[TYPES] HM(x) vs Theory of Qualified Types

Martin Sulzmann sulzmann at comp.nus.edu.sg
Thu Oct 20 03:54:24 EDT 2005


robert dockins writes:
 > [The Types Forum, http://lists.seas.upenn.edu/mailman/listinfo/types-list]
 > I have recently been reading some of the literature on HM(x), and I am 
 > attempting to fit it into my mental framework.  From an initial reading 
 > it appears somewhat similar to Mark P. Jones' Theory of Qualified Types, 
 >   but I have several times seen HM(x) referred to as a more general 
 > framework.  Does HM(x) fully subsume Qualified Types? Could someone on 
 > this list perhaps explain their exact relationship?
 > Robert Dockins

below I give a rough comparison. The short summary is this:
I don't think that HM(X) subsumes TQT (the theory of qualified types).
They're somewhat incomparable, at least the original formulations
of HM(X) and TQT are incomparable.
Here's why.

HM(X) formalizes (the folklore idea of) a general Hindley/Milner system
with constraints. In the original description [1,2], the constraint system
X is described in terms of a cylindric algebra which turns out to be
nothing more than a algebraic formulation of a first-order logic theory.
The predicate system of TQT [11] seems more general than a first-order
logic theory, though I'm not 100% sure here.

There are clear differences between HM(X) and TQT when it comes to
defining the semantic meaning of programs. The original HM(X)
description [1] contains a general type soundness result based on a 
denotational semantics. Later, Skalka and Pottier [4] gave a syntactic
type soundness result. In both cases, the semantics is call-by value.
On the other hand, the semantics of TQT [11] is explained in terms of
the dictionary-translation scheme [12] where the target semantics
is call-by name. If we ignore the call-by name vs value issue,
the crucial difference is that the meaning of HM(X) programs can be
explained in terms of a untyped semantics whereas the meaning of TQT
programs is tied to the type of a program.

Let's take a look at type inference.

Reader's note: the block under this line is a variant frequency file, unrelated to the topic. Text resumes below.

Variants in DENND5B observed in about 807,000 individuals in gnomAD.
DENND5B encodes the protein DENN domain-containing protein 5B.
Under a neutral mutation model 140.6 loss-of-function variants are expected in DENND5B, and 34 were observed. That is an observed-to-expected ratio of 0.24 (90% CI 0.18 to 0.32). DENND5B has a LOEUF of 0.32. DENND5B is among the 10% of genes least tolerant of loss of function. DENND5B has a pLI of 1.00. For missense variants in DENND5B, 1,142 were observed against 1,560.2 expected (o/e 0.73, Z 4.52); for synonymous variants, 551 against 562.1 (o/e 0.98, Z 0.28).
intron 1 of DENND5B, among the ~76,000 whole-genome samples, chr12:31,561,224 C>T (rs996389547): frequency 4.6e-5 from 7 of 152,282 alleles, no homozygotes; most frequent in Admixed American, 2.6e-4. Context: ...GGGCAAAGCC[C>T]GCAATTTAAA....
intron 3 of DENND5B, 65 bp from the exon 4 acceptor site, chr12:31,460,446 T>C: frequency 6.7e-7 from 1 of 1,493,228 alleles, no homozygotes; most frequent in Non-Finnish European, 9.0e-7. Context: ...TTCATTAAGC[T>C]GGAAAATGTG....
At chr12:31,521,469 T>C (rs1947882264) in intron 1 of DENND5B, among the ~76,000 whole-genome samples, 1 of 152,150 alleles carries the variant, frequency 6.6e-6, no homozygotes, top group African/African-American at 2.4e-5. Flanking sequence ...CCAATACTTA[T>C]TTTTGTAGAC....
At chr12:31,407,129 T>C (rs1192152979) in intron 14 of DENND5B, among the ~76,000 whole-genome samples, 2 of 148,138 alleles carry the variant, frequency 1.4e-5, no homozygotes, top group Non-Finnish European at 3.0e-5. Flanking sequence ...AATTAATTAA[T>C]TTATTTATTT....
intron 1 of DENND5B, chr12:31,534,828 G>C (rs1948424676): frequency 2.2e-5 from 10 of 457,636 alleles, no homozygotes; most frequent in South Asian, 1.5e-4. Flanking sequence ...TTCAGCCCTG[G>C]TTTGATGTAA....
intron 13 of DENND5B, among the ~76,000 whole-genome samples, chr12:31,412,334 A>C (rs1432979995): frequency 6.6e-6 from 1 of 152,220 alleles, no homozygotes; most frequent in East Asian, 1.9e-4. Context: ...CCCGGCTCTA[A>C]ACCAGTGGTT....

HM(X) comes with a generic algorithm W style inference system
which yields principal types under some sufficient conditions
imposed on X [1,2]. There are lots of similar type inference results
for more specific systems. In particular, work by Remy and Pottier
[7,8,9,10] is important and relevant here. In case of TQT I only know 
one good reference [13].

HM(X) has been applied in a number of settings such as
program analysis [5], subtype systems [8,10] etc.
The main application of TQT seems to be type classes which
is of course a huge area in itself. I don't claim that TQT couldn't do
program analysis. Though, in case of program analysis it's very
convenient to have a HM(X) semantics which is independent of the type
given to a program. Another strength of HM(X) is to have a semantic
notation of constraints. Thus, we can easily simplify constraints.
Here's a classic example: a=c is equivalent to exists b. (a=b,b=c).

There are also hybrid formulations. For example, in [6] a
HM(X) style inference system is given but the semantic meaning
of programs is explained in terms of a TQT style dictionary

Ok, I'll stop here. My rather brief comparison is necessarily
incomplete. Please correct me if I'm wrong and add further references
if I've missed something.



In case of type inference for non-regular equational theories [14],
HM(X) helped to understand the problem [3] and could provide a neat
solution [2].

------------ references -------------------

M. Odersky, M. Sulzmann, and M Wehr. 
Type inference with constrained types. 
Theory and Practice of Object Systems, 5(1):35-55, 1999.

M. Sulzmann. 
A General Framework for Hindley/Milner Type Systems with Constraints. 
PhD thesis, Yale University, Department of Computer Science, May 2000.

M. Sulzmann, M. Mueller, and C. Zenger. 
Hindley/milner style type systems in constraint form. 
Research Report ACRC-99-009, University of South Australia, 
School of Computer and Information Science, 1999.

Christian Skalka and Francois Pottier. 
Syntactic Type Soundness for HM(X). 
Electronic Notes in Theoretical Computer Science, 75, 2003.

K. Glynn, P. J. Stuckey, M. Sulzmann, and H. Sondergaard. 
Boolean constraints for binding-time analysis. 
In Proc. of PADO'01, volume 2053 of LNCS, pages 39-63. Springer, 2001.

P. J. Stuckey and M. Sulzmann. 
A theory of overloading. 
In Proc. of ICFP'02, pages 167-178. ACM Press, 2002.

D. Remy
Extending ML Type System with a Sorted Equational Theory.    
Research Report 1766, Institut National de Recherche en Informatique
et Automatisme, 
Rocquencourt, BP 105, 78 153 Le Chesnay Cedex, France, 1992.

F. Pottier. 
Synthese de types en presence de sous-typage: de la theorie a la pratique. 
PhD thesis, Universite Paris 7, July 1998.

F. Pottier. 
A framework for type inference with subtyping. 
In Proceedings of the third ACM SIGPLAN International Conference on
Functional Programming (ICFP'98), pages 228-238, September 1998.

F. Pottier. 
A versatile constraint-based type inference system. 
Nordic Journal of Computing, 7(4):312-347, November 2000.

M. P. Jones
Qualified Types: Theory and Practice, 
Cambridge University Press, November 1994.

M. P. Jones
Coherence for qualified types, 
Research Report YALEU/DCS/RR-989, 
Yale University, New Haven, Connecticut, USA, September 1993.

M. P. Jones
Simplifying and Improving Qualified Types, 
In FPCA '95: Conference on Functional Programming Languages and
Computer Architecture, La Jolla, CA, June 1995.

A. Kennedy
Type Inference and Equational Theories
Research Report LIX/RR/96/09, LIX, Ecole Polytechnique, 1996.

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